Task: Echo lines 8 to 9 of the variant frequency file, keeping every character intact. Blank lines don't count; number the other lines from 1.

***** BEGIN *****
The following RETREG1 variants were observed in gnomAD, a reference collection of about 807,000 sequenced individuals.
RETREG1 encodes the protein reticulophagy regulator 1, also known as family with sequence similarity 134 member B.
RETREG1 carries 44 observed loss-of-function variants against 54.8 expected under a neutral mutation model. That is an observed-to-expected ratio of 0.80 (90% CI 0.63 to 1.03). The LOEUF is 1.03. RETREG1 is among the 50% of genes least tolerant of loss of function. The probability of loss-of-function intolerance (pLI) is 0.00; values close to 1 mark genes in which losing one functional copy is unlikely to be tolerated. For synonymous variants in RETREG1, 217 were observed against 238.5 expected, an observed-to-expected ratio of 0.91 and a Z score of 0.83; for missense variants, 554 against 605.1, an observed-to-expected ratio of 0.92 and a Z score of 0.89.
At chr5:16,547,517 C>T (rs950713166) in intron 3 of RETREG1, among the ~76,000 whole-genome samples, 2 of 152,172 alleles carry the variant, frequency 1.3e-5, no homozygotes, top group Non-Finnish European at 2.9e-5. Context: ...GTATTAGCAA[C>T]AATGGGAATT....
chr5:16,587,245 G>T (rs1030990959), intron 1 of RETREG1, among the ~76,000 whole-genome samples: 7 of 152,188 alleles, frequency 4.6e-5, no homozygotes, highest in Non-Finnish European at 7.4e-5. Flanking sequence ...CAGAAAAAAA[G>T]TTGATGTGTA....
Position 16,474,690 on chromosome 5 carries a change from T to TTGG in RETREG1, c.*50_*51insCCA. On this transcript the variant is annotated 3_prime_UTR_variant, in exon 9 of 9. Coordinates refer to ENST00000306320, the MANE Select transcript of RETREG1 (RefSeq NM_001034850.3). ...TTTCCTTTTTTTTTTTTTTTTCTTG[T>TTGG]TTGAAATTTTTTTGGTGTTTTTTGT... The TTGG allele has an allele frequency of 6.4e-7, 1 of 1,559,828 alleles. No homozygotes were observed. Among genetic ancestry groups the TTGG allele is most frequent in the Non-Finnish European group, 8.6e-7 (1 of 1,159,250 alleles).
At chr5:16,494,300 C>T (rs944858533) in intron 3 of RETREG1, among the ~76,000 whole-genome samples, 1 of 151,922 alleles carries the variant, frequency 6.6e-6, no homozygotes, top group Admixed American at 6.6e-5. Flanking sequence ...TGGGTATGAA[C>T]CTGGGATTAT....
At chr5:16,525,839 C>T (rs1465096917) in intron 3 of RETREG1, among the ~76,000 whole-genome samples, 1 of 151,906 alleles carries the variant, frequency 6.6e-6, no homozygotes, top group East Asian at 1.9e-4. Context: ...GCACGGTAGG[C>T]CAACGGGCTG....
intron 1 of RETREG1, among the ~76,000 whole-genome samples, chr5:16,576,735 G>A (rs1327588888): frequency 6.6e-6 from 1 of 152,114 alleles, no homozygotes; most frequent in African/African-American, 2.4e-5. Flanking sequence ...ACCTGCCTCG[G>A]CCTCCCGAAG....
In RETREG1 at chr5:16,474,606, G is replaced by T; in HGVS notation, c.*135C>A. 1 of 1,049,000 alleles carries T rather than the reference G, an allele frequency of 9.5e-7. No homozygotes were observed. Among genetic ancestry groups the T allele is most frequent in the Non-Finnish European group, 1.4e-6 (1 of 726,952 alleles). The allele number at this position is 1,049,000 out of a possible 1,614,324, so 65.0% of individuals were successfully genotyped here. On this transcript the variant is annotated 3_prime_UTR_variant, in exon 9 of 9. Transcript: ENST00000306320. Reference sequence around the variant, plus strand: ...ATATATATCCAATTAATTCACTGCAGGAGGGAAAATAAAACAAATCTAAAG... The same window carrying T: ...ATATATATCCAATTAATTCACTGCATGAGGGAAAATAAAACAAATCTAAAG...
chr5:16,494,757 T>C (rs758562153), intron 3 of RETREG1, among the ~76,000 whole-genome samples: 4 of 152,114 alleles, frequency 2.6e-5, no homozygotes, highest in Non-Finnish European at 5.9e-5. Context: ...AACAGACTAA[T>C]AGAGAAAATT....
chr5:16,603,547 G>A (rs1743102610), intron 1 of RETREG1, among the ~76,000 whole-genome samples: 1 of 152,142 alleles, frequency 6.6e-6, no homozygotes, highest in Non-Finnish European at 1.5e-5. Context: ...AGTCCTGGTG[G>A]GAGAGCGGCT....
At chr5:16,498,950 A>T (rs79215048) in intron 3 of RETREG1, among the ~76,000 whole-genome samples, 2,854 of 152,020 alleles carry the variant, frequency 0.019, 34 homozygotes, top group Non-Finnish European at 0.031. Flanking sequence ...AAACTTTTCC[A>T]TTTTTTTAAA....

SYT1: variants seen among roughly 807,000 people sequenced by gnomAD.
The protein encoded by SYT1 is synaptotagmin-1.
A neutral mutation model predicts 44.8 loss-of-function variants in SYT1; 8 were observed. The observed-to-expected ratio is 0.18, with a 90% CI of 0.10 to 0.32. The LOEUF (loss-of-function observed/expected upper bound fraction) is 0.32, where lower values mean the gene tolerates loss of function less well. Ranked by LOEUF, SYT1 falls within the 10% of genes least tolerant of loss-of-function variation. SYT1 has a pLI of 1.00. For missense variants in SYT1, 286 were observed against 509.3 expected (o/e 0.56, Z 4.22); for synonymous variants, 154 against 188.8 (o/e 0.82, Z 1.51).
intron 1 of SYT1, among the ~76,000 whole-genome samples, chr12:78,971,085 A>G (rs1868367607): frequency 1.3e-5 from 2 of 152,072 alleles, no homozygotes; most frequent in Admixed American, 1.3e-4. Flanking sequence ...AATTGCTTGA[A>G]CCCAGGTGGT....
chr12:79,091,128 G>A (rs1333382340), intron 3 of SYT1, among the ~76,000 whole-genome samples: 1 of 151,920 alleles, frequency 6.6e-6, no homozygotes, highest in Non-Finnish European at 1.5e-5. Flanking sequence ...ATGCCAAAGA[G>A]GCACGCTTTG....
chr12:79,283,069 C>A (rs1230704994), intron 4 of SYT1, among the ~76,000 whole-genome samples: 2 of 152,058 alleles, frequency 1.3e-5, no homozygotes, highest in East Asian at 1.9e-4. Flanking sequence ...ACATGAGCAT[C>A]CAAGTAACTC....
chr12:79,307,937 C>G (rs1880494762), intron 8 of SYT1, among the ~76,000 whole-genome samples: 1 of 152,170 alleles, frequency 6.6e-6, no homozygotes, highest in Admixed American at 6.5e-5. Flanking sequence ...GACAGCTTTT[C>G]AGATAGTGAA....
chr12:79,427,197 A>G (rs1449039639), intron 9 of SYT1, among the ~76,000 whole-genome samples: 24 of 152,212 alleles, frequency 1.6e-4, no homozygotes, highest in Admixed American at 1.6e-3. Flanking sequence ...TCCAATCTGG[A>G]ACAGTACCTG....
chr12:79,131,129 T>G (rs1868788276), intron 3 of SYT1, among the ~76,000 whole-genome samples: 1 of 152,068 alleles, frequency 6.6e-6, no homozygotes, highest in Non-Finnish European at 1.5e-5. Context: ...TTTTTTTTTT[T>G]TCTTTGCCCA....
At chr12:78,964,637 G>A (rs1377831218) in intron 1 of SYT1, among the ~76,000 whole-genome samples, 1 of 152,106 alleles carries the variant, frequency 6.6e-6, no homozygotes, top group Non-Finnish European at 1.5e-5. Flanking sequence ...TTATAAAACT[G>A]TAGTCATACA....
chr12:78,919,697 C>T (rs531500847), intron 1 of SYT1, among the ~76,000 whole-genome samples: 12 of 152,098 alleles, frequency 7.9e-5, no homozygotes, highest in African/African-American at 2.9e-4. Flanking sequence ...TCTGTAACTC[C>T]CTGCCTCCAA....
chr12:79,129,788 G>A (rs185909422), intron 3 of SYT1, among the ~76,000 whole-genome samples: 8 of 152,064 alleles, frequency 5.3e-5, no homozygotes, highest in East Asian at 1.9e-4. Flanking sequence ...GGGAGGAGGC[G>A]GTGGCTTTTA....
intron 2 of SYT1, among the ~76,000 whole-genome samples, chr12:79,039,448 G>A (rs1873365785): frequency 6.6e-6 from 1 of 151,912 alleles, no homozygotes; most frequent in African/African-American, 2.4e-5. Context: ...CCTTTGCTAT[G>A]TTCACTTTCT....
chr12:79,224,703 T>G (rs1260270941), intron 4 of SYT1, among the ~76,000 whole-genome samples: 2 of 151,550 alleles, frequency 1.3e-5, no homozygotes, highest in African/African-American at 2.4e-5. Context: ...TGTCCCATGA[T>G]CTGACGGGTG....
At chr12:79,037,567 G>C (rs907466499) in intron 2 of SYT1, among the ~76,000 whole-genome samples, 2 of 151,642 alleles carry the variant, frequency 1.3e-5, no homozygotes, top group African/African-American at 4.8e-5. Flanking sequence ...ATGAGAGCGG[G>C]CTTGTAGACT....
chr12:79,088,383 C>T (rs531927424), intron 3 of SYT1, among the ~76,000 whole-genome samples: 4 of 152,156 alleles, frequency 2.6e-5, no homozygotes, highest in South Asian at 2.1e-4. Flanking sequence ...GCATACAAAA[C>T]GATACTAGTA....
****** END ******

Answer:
At chr5:16,525,839 C>T (rs1465096917) in intron 3 of RETREG1, among the ~76,000 whole-genome samples, 1 of 151,906 alleles carries the variant, frequency 6.6e-6, no homozygotes, top group East Asian at 1.9e-4. Context: ...GCACGGTAGG[C>T]CAACGGGCTG....
intron 1 of RETREG1, among the ~76,000 whole-genome samples, chr5:16,576,735 G>A (rs1327588888): frequency 6.6e-6 from 1 of 152,114 alleles, no homozygotes; most frequent in African/African-American, 2.4e-5. Flanking sequence ...ACCTGCCTCG[G>A]CCTCCCGAAG....